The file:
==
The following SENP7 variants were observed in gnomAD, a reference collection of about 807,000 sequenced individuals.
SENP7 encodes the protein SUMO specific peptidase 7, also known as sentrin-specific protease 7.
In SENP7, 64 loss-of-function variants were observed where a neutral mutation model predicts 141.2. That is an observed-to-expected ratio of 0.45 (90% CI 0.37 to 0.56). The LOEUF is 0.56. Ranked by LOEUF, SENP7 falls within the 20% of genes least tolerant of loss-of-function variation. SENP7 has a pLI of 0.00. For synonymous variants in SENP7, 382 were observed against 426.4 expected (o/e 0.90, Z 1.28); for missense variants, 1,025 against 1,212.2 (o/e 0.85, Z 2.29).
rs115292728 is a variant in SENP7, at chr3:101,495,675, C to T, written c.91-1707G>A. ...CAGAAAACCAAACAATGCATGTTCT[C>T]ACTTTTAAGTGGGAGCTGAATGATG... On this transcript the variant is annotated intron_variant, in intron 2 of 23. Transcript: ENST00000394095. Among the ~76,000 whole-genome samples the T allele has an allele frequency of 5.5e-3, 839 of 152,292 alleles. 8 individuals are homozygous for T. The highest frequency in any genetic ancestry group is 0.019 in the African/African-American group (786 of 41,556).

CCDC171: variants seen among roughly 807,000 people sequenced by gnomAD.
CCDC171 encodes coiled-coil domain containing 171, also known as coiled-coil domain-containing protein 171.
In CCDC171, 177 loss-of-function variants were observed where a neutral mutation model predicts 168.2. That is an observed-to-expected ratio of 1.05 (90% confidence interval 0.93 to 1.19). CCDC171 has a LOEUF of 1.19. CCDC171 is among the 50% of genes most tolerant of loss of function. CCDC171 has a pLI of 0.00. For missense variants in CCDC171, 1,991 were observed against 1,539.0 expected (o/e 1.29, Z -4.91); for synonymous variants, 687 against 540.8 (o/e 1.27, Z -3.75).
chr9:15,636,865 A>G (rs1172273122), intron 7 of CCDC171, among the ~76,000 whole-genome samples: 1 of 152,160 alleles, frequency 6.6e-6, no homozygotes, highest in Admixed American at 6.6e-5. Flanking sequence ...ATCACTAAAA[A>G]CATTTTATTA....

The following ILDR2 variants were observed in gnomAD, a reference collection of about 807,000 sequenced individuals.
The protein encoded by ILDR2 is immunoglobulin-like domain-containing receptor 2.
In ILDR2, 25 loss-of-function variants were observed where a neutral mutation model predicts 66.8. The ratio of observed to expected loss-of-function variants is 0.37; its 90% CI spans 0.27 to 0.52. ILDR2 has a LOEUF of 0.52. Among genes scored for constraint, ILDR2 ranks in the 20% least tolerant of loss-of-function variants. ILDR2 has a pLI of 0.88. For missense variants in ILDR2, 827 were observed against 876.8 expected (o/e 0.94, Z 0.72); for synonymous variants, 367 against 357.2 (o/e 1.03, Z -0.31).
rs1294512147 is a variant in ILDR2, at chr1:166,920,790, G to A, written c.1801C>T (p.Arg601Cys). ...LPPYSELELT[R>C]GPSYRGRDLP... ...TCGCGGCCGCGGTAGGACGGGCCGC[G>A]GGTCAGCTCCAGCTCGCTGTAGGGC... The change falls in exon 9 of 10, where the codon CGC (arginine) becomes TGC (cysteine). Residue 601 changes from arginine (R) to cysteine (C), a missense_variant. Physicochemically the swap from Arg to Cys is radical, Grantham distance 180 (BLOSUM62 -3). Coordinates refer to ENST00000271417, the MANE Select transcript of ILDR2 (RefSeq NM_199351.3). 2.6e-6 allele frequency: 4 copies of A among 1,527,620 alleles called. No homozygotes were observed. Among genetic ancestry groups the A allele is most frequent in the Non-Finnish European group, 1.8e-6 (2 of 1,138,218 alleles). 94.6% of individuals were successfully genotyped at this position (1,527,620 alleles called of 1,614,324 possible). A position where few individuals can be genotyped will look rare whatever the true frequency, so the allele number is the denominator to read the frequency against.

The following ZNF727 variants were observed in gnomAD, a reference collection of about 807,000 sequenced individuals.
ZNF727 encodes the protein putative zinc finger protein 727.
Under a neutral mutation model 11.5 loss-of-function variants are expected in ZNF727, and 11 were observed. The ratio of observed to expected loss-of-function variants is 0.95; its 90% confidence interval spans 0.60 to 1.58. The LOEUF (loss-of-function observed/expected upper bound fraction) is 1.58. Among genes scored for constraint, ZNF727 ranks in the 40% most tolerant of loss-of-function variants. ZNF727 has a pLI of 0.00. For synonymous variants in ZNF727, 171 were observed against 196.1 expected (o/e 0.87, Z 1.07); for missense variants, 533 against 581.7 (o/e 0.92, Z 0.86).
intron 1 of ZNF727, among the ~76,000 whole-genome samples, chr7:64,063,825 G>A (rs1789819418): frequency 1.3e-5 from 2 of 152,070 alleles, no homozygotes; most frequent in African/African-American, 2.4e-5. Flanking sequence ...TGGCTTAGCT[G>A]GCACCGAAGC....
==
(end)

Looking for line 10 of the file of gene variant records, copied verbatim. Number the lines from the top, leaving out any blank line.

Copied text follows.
The protein encoded by ILDR2 is immunoglobulin-like domain-containing receptor 2.